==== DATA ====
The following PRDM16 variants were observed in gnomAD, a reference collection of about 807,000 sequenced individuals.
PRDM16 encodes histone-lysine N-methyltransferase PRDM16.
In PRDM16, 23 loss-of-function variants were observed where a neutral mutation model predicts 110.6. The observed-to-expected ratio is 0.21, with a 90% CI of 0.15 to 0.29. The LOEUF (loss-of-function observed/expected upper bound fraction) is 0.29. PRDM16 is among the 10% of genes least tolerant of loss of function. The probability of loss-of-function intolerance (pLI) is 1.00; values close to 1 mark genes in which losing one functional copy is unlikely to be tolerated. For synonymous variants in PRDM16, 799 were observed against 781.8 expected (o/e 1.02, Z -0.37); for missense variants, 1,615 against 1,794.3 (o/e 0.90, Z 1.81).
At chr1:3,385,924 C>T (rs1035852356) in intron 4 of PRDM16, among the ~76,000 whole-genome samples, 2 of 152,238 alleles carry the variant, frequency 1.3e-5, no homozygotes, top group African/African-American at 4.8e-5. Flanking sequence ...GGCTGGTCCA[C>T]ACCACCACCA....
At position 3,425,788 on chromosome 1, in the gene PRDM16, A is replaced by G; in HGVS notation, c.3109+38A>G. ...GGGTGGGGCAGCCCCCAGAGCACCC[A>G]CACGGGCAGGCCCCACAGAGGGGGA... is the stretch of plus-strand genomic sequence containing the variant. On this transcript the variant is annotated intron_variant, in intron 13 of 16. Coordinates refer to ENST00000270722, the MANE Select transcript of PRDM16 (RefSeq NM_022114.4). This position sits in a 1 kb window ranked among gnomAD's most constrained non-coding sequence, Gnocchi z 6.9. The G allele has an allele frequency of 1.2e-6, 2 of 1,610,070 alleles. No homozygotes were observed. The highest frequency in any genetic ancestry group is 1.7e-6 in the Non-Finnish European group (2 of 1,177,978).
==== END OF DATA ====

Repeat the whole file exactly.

The following PRDM16 variants were observed in gnomAD, a reference collection of about 807,000 sequenced individuals.
PRDM16 encodes histone-lysine N-methyltransferase PRDM16.
In PRDM16, 23 loss-of-function variants were observed where a neutral mutation model predicts 110.6. The observed-to-expected ratio is 0.21, with a 90% CI of 0.15 to 0.29. The LOEUF (loss-of-function observed/expected upper bound fraction) is 0.29. PRDM16 is among the 10% of genes least tolerant of loss of function. The probability of loss-of-function intolerance (pLI) is 1.00; values close to 1 mark genes in which losing one functional copy is unlikely to be tolerated. For synonymous variants in PRDM16, 799 were observed against 781.8 expected (o/e 1.02, Z -0.37); for missense variants, 1,615 against 1,794.3 (o/e 0.90, Z 1.81).
At chr1:3,385,924 C>T (rs1035852356) in intron 4 of PRDM16, among the ~76,000 whole-genome samples, 2 of 152,238 alleles carry the variant, frequency 1.3e-5, no homozygotes, top group African/African-American at 4.8e-5. Flanking sequence ...GGCTGGTCCA[C>T]ACCACCACCA....
At position 3,425,788 on chromosome 1, in the gene PRDM16, A is replaced by G; in HGVS notation, c.3109+38A>G. ...GGGTGGGGCAGCCCCCAGAGCACCC[A>G]CACGGGCAGGCCCCACAGAGGGGGA... is the stretch of plus-strand genomic sequence containing the variant. On this transcript the variant is annotated intron_variant, in intron 13 of 16. Coordinates refer to ENST00000270722, the MANE Select transcript of PRDM16 (RefSeq NM_022114.4). This position sits in a 1 kb window ranked among gnomAD's most constrained non-coding sequence, Gnocchi z 6.9. The G allele has an allele frequency of 1.2e-6, 2 of 1,610,070 alleles. No homozygotes were observed. The highest frequency in any genetic ancestry group is 1.7e-6 in the Non-Finnish European group (2 of 1,177,978).